|It seems wrong for the first adjective I’d use to describe a rather miserable future dystopia to be “nostalgic” but that was the mood this book swept me into. Not a nostalgia for the world described within the book, but rather for the style of writing. I read a great deal of fiction very similar to this in my early teenage years, but somehow, I believe I missed this one. Even if I had read it before, it would’ve held up to re-reading – this is quite an excellent book.
In a post-nuclear-war society, life is restricted by radioactive no-go zones. Physical mutations are common, but, at least in the strict, religious, patriarchal village that is all young David has ever known, mutants – animal, vegetable or human – are ruthlessly weeded out. He’s never questioned the morality he’s been raised with – until the heavy hand of the law falls upon a childhood friend – and he realizes that he himself may be a new (and unprecedentedly dangerous) kind of mutant. Not only that, but his young sister, Petra, may share his mutation. He is not alone – but will a small group of young people be able to survive in the face of the firmly-held convictions of even their dearest friends and family?
There are a few weaknesses to the book – the “wise uncle” character is a bit too good and knowledgeable to be true, and once our characters are on the run, the plot feels a bit rushed… but…
The book does a superlative job of exploring the psychology of hatred, including the motivations behind it, while making a cogent, compelling argument for diversity in all its forms: what makes us human is not the physical form of our bodies, our gender, or even how we think, but something deeper than that. However, any ‘message’ is delicately understated, and the ending brings a beautifully structured ambiguity to it: MAJOR SPOILER [David’s father, and the village, regard mutants as less-than-human, to be destroyed. But when the psychic mutants from across the radioactive wastes sweep in, deus-ex-machina-like, to rescue Petra, the children may be delighted – but the reader can see that these more-advanced people, in turn, regard Humanity 1.0 as mere animals. David and Petra are disturbingly ready to accept their justifications for actions that may seem to us completely ethically unjustifiable. We are left wondering what David’s – and even Petra’s – place in this promised brave new world will really be. (hide spoiler)] There are no answers – it’s left up to the reader to decide.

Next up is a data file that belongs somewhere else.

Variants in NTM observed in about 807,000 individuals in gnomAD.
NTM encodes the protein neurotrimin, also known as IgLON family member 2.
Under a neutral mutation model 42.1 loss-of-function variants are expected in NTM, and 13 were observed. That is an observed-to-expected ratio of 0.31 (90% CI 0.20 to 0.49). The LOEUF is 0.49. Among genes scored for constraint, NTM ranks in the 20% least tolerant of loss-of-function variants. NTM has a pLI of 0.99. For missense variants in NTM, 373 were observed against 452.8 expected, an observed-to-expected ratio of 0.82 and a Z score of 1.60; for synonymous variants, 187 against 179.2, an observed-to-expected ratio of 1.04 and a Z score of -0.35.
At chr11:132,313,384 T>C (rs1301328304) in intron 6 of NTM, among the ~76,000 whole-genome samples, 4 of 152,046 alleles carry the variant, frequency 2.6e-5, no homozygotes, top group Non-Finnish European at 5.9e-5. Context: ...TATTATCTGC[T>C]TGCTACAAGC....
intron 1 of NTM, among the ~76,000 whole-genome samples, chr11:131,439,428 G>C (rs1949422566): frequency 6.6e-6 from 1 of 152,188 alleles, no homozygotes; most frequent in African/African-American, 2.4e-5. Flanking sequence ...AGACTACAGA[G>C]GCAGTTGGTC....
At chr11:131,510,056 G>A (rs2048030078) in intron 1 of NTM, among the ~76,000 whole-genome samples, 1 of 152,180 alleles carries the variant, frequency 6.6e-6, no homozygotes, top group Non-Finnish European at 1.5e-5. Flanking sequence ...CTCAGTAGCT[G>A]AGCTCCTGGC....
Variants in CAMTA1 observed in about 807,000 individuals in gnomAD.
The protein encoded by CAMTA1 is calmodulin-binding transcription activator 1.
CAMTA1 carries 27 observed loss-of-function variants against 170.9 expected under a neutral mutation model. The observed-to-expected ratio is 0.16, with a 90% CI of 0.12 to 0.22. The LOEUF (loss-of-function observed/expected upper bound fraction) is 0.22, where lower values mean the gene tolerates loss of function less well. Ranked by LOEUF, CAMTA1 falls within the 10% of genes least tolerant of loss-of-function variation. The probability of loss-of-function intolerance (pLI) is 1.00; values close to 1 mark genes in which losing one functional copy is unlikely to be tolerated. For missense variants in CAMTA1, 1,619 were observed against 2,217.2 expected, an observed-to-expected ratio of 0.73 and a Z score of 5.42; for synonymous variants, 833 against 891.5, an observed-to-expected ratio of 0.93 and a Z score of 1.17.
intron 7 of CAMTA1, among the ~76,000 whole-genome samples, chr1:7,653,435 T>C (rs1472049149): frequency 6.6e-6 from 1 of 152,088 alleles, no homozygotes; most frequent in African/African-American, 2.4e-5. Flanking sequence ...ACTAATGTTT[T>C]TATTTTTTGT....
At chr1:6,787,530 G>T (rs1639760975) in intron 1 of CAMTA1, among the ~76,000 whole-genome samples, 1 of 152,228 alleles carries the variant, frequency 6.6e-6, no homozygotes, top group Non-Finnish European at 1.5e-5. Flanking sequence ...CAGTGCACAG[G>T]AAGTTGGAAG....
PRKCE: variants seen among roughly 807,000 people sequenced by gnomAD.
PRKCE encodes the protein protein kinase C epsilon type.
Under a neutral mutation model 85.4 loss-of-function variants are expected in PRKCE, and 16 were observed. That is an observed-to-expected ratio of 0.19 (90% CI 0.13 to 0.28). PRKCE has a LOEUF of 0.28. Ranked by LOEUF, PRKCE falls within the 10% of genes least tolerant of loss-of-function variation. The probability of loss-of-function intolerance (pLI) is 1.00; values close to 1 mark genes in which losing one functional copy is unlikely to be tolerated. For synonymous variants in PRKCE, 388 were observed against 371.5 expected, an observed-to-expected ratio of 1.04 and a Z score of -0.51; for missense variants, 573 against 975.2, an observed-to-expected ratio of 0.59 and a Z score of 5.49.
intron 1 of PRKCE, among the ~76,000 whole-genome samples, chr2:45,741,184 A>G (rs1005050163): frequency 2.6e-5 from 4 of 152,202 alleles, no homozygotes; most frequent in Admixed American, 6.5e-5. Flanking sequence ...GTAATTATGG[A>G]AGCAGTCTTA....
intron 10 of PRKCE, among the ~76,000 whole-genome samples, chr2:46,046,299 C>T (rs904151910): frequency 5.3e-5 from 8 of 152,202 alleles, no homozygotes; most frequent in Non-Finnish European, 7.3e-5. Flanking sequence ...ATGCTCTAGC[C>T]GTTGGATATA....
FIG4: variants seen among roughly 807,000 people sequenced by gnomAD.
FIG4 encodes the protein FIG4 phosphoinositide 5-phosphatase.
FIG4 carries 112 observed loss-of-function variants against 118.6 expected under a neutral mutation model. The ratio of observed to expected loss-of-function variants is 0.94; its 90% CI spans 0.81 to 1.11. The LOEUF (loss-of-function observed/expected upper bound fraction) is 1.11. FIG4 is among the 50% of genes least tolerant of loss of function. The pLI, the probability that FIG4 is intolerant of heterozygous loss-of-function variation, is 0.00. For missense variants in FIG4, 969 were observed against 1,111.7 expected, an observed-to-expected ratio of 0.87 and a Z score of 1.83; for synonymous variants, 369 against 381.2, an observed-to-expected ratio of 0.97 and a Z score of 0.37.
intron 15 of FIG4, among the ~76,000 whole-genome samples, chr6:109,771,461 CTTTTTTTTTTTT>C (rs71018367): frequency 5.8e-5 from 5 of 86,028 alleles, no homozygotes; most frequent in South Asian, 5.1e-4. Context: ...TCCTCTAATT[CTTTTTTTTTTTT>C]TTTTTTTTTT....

While that open-endedness is, in that way, thought-provoking, there is another open end, however, which cries out for a never-written sequel: Petra. [Her power is unprecedented, and the story sets up the fascinating tension of what an innocent young child with uncurbed power might be capable of in the defense of herself and her friends. But it never goes anywhere with the idea: she never actually does anything with it. (hide spoiler)] With that setup, there really should’ve been a followup to explore the issue, in my opinion.
Read for post-apocalyptic book club.